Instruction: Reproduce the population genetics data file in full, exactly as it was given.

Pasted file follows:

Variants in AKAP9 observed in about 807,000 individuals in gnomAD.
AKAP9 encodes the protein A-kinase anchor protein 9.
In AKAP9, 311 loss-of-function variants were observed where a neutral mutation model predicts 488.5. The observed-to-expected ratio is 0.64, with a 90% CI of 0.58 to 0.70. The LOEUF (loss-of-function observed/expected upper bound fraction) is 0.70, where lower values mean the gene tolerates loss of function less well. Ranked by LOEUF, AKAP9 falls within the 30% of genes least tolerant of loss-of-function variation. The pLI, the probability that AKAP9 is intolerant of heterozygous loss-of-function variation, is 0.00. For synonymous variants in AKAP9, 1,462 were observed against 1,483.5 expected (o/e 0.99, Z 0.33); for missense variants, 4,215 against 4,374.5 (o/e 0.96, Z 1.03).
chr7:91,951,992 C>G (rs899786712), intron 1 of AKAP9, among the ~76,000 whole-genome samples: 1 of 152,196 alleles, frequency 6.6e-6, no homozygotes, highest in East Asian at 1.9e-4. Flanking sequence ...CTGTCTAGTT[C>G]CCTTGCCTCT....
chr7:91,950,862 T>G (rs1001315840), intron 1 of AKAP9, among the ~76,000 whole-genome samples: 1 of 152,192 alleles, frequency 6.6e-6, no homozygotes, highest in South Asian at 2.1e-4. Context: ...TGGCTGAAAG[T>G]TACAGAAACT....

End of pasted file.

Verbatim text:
Variants in AKAP9 observed in about 807,000 individuals in gnomAD.
AKAP9 encodes the protein A-kinase anchor protein 9.
In AKAP9, 311 loss-of-function variants were observed where a neutral mutation model predicts 488.5. The observed-to-expected ratio is 0.64, with a 90% CI of 0.58 to 0.70. The LOEUF (loss-of-function observed/expected upper bound fraction) is 0.70, where lower values mean the gene tolerates loss of function less well. Ranked by LOEUF, AKAP9 falls within the 30% of genes least tolerant of loss-of-function variation. The pLI, the probability that AKAP9 is intolerant of heterozygous loss-of-function variation, is 0.00. For synonymous variants in AKAP9, 1,462 were observed against 1,483.5 expected (o/e 0.99, Z 0.33); for missense variants, 4,215 against 4,374.5 (o/e 0.96, Z 1.03).
chr7:91,951,992 C>G (rs899786712), intron 1 of AKAP9, among the ~76,000 whole-genome samples: 1 of 152,196 alleles, frequency 6.6e-6, no homozygotes, highest in East Asian at 1.9e-4. Flanking sequence ...CTGTCTAGTT[C>G]CCTTGCCTCT....
chr7:91,950,862 T>G (rs1001315840), intron 1 of AKAP9, among the ~76,000 whole-genome samples: 1 of 152,192 alleles, frequency 6.6e-6, no homozygotes, highest in South Asian at 2.1e-4. Context: ...TGGCTGAAAG[T>G]TACAGAAACT....